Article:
With pugnacious tenacity some of my more conservative parishioners have expressed frustration over what they believe to be a concerted media attack on Christianity. I can’t find it but since they only watch or listen to right wing news commentators, I figure that’s where they got this idea. They are also loathe to give up their firm belief that America was primarily founded on Christian principles and continues to this day as the last best hope for a better world. The media attack on Christianity is none other than an attack on America itself. In other words, their concern is not so much about doctrines of faith as it is about politics. Socialism is, of course, what ruined Christianity in Europe, and so any form of it, especially the creeping socialism of the left wing, must be opposed by all right thinking Christians. Their level of anxiety is very high, and grows higher as they scan the list of leading Republican candidates who seem only marginally better than the horrifying specter of godless Hillary the Hun. In all of that muddy water there is something to celebrate. Christianity has had a tremendous influence for the better on Western civilization in general and America in particular. I agree with a number of scholars that the presence of a strong Church in Europe provided the necessary checks against unbridled secular political power and the ground upon which democracy could come into being. It was the Church that, however imperfectly, challenged society to meet Christian moral standards as revealed in scripture and understood in each time an place. As Europeans began to settle in America it was the Church that established colleges and universities where future democrats would learn how to build an entirely new kind of nation. Christian moral values did have an influence on the founding documents of our nation, although I do not believe anyone can seriously make a case that they were foundational themselves. As Europeans moved westward so did ministers of various denominations who became symbols and teachers of the moral order needed for towns and cities to grow. Even today it is the Church, at least some part of it, that is brave enough to call our leaders to task and remind believers of the greater law of Christ that always takes precedence over nation and politics. Out of the Church have come our greatest voices for civil rights, justice for the poor and oppressed, economic equity and more. That’s he good news. If I get around to it, I’ll work on the bad news another day.
As I get within a couple of months of retirement I find myself in the awkward position of becoming more of a consultant than a player in planning for the year and years ahead. That’s added to the odd sense that I would like this somewhat uncomfortable time to come to an end more quickly while not wanting it to pass too fast. I wonder if it would be possible to transfer these months to right after I retire rather than using them up now. We do that with Saint’s days all the time.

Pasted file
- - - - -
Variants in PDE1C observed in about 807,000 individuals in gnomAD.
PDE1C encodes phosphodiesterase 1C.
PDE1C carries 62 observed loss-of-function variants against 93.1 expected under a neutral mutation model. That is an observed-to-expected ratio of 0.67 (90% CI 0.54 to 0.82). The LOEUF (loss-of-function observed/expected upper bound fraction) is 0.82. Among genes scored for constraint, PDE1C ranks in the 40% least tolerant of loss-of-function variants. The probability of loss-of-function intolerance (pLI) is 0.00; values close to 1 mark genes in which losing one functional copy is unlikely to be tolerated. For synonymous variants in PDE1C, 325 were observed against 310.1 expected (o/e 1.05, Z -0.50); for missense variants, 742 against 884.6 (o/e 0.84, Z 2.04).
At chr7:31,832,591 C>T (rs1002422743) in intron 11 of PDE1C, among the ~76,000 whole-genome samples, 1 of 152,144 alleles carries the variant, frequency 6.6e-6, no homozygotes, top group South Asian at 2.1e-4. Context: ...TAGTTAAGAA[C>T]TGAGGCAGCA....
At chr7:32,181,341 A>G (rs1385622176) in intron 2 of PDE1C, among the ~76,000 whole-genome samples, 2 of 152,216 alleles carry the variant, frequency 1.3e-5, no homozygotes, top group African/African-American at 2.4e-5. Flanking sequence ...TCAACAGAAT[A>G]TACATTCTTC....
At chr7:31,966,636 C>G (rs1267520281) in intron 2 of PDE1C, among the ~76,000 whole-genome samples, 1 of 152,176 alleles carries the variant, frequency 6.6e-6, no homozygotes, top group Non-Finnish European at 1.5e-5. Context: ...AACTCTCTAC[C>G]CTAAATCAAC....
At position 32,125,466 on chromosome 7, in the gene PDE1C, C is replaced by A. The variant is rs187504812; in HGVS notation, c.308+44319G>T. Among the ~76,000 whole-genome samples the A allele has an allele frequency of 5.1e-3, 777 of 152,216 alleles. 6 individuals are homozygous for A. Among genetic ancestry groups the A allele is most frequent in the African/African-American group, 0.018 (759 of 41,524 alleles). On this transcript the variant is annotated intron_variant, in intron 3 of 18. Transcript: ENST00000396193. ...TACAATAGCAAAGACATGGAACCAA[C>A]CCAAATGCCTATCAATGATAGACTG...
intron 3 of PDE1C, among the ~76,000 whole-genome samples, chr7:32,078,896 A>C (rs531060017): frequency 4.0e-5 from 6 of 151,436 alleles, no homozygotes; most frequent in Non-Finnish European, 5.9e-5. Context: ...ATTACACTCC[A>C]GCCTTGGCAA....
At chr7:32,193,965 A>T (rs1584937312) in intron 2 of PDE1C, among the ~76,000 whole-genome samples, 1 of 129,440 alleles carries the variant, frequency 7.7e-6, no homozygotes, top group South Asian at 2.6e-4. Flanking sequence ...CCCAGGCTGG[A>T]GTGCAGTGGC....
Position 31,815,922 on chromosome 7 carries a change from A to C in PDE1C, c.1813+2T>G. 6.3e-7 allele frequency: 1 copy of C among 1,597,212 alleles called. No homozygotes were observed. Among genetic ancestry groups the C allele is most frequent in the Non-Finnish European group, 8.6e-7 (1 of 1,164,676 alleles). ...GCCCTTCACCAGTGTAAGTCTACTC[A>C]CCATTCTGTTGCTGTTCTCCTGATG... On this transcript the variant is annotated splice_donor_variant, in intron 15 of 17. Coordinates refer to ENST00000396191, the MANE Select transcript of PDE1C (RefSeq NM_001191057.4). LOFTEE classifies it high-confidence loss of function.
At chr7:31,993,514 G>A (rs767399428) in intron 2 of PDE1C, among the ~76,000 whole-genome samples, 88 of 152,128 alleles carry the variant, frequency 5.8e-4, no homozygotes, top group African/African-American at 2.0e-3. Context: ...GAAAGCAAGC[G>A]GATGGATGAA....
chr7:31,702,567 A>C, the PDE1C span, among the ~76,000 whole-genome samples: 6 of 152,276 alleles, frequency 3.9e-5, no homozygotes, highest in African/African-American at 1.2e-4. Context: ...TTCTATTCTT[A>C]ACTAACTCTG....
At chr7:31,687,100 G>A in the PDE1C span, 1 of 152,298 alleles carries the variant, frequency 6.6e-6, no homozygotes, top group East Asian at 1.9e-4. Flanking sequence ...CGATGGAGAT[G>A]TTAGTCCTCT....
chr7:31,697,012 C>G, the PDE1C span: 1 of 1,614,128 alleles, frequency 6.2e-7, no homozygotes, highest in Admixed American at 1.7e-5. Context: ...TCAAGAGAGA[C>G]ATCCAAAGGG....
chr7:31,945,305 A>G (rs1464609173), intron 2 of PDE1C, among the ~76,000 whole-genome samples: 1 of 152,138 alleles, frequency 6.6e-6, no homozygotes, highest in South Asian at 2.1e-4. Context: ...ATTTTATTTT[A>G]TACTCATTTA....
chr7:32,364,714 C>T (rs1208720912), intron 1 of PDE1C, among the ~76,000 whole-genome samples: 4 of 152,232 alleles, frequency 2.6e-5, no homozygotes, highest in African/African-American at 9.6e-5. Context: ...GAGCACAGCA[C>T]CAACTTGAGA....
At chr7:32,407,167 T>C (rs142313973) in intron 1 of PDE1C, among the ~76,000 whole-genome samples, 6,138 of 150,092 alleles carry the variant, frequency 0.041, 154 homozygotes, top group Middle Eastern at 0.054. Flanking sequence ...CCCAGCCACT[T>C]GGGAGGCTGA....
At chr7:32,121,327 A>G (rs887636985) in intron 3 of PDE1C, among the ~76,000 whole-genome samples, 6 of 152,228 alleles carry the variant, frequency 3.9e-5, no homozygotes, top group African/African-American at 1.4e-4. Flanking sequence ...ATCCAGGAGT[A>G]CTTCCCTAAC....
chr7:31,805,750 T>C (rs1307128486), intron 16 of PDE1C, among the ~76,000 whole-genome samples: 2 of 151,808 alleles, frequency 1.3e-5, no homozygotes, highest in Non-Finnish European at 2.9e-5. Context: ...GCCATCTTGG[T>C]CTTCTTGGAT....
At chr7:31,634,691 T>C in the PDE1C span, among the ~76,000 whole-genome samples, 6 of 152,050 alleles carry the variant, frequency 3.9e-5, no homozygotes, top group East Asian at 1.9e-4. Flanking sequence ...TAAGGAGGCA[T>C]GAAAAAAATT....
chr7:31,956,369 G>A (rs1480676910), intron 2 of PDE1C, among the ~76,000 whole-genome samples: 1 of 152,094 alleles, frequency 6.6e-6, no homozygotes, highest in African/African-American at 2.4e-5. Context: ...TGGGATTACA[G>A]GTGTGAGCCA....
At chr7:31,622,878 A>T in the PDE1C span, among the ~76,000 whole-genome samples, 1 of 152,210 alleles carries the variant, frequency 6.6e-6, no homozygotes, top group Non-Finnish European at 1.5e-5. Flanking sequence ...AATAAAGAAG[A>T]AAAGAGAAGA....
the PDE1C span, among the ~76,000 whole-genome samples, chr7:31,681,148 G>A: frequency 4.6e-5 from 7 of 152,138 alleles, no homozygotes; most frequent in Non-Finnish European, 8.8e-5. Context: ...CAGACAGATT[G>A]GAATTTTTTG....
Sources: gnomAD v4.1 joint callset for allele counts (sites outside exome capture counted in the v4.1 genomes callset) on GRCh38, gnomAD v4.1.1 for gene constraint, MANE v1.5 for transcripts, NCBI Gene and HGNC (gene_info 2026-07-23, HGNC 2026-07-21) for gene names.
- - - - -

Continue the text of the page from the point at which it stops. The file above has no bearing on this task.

Why is that such a difficult word? Is it because many of us have had bad experiences with “evangelists”? I think that has a lot to do with it, but perhaps there is something more intimate than that. In fact I suspect that intimacy is at the very core of it. Religion of any kind does its best to probe at questions of ultimate truth and reality in the context of the very center of what it means to be a person. We Christians have discovered a truth about the revealed nature of God in Christ Jesus and our own identity as beloved of God who are already living into our eternal lives. Those of us sharing in the Anglican tradition also believe that this is a truth for all people everywhere and in every time. That is great good news and worthy of being shared, but it is also very intimate. It touches on the very core of our being and, if taken seriously, challenges and changes the very essence of who we are as persons. That kind of intimacy is hard to share, as hard or harder to share than details of our sex lives. I suggest that we back out of this quagmire and start over. First, as disciples of Christ we are called to follow him, which is to say that we are to follow his teachings and continue his work. That is what it means when we say that the church is the body of Christ. As disciples we can more easily respond to questions by saying that we are followers of Jesus Christ and try, through our own limited abilities, to continue in his ways. That in turn gives us an opportunity to talk, if asked, about what those ways are and what difference they might make in one’s own life or the lives of others. What does that have to do with salvation, being saved and whether or not one must be a believing Christian in order to be saved? Possible fodder for another post if anyone is interested.